Who should you hire for sales? The great talker or the better listener? There are many misconceptions on who you should hire for sales.
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I’m often asked about my philosophy on sales. It takes someone who sells to understand how to sell successfully. What people think is true about selling and what actually is true about selling are often different things. I’ve developed some rules for selling that seem counter-intuitive to some people. But if you’re in sales, they’ll be true for you.
1. Quiet people who are great listeners can make great salespeople. Why is it that the stereotypical salesperson is the slick, gabby talker? I’ve seen people hired to sell because they do a lot of talking. But if salespeople do all the talking with customers, how are they ever going to learn what a customer thinks and needs? They can only learn about a customer’s needs and interests if the customer is talking and they’re doing the listening. Quiet people tend to be very good listeners. That makes them perfect to be considered for sales. Just make sure that when they do talk they’re unafraid to ask great questions. As for the big talkers, I find their listening skills to be generally poor. If a salesperson’s listening skills are poor I know they’ll fail at sales. They’re probably not much value to other parts of your business either. What job is there in business today for a poor listener?
2. Great salespeople are humble have other people singing their praises. I once worked with a salesman who told me at our first meeting how smart and talented he was. After working with him for many months he was still talking about his talents and he was the only one. Why was he the only one? He was after all a smart guy. It was because no one else liked him. Listening to his endless self-love fests was annoying to other people. Customers didn’t want to hear them either. They also didn’t want to buy from him. Great salespeople sell because they love the challenge and rewards of selling. Their egos are strong and they don’t need to be the center of attention. As a result, they serve customers well and in fact enjoy serving. That’s they’re reward. It’s just an added benefit when they also find that their customers are the ones bragging about them.
3. Experienced salespeople are not always the best hires. I’ve seen too many people get hired because they had sales experience, but it was the wrong experience. Just because someone has sold before doesn’t mean they were the best. If I chose to limit myself to hire people with sales experience, I would ask candidates to give me the name of 3 of their best customers who they consider to be loyal. That means these customers would move their business to wherever the salesperson goes. Then I would talk with the customers. You quickly learn how loyal customers really are when you ask about the salesperson’s responsiveness, problem solving ability and concern for the customer. When the customer weakly supports the salesperson that also shows how poor the salesperson’s judgment is. Their selling is probably poor, too. Why limit yourself to only hire salespeople with experience? I predict sales success from people who are curious, fearless, and successful (at whatever they did). They are also willing to learn and listen well.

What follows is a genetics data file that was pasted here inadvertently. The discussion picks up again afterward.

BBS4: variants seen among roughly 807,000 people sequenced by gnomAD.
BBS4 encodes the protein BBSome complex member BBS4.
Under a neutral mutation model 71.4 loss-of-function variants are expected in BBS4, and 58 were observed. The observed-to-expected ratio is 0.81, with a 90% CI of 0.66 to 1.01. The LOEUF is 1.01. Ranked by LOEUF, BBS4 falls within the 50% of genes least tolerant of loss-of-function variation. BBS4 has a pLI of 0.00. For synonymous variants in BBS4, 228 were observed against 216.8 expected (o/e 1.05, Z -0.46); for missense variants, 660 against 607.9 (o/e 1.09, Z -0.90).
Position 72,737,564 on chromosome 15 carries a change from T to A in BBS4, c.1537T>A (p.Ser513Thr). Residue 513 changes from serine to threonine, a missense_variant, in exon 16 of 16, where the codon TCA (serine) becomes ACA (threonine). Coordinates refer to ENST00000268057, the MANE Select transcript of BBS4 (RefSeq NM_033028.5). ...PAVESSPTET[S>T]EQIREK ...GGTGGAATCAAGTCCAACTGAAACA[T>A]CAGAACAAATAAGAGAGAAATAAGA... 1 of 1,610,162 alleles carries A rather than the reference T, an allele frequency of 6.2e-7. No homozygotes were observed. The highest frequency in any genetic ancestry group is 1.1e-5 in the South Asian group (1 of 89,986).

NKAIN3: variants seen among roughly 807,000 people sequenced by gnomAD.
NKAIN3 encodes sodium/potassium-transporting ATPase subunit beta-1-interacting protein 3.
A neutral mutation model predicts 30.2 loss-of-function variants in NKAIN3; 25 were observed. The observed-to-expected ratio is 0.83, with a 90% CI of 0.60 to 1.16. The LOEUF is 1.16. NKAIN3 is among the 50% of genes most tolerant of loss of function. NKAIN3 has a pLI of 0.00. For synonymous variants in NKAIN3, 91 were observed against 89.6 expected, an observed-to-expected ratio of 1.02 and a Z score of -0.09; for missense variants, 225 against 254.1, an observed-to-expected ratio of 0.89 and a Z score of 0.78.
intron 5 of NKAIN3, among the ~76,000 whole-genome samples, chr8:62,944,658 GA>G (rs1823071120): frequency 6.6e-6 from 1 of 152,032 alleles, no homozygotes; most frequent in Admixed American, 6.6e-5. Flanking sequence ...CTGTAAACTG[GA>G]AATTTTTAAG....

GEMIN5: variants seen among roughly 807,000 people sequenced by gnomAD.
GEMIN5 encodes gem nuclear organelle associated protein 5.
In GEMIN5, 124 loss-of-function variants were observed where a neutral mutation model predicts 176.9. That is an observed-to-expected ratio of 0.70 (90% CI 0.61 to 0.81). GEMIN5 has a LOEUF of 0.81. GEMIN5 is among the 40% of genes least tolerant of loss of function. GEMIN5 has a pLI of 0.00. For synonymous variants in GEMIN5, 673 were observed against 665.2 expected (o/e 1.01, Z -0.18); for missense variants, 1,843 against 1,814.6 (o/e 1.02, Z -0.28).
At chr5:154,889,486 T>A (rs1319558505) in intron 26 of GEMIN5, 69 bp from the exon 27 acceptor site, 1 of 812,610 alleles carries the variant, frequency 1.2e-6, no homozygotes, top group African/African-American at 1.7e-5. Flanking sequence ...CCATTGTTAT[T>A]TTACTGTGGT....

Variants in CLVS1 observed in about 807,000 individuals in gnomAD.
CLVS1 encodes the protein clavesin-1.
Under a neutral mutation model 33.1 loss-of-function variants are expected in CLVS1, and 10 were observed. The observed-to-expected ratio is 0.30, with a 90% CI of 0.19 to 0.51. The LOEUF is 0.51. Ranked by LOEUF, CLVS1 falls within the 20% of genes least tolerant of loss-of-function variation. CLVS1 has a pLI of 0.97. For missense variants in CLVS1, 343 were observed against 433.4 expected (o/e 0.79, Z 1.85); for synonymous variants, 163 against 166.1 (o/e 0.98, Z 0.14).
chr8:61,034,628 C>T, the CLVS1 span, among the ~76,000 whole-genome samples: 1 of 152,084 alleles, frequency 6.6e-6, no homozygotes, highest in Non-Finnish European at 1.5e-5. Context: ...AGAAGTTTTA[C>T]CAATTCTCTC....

4. Good salespeople fail. A salesperson who consistently misses making sales numbers is not what I mean. I mean that successful salespeople are trying new strategies and skills when they sell. When people try new tasks they will sometimes fail. That’s OK. Just make sure they learn from the mistake and when they make the next mistake, that it’s a different mistake from the previous mistakes. I’ve seen sales professionals afraid to try something new. Sometimes the fear shows up as resistance to new ideas or new technology. It’s only through new ideas that sales professionals expand their skills. Selling is not doing the same old routine over and over again. It’s a never-ending process of learning. Someone who never fails is never trying something new. If you’re failing you’re learning and trying something new. That’s good for sales.
Not only do successful salespeople fail, they learn to overcome their failures. Some customers will say “no” despite the best sales strategy. Difficult deals sometimes turn out differently than we want. Being immobilized by failure is not an option for success in sales. Great salespeople move on past the failure and find the next success. I’m always more impressed with someone who has gotten past a failure than someone who has never failed.
These rules may be different than the ones you apply for your selling. If you want to get different results than what you have now, why don’t you give them a try?
Maura Schreier-Fleming is President of [email protected] a sales training and consulting company in Dallas, Texas. Maura works with business and sales professionals on real-world skills and strategies so they can sell more and be more successful in business. She is the author of Real-World Selling for Out-of-this-World Results and Monday Morning Sales Tips. Maura was Mobil Oil’s first female Lubrication Engineer in the United States.
Client Comments about [email protected]
After the program, the participants were talking about what they learned. Even better than just talking, they were applying what they learned to their selling. One of my salespeople began using a statement of consequence that he learned from the program. He was pleasantly surprised at how well it worked. Your ideas even got some longtime, tough to sell, salespeople discussing how to apply your ideas.
-Bob Reetz, Vice President of Sales
Marsh Furniture Company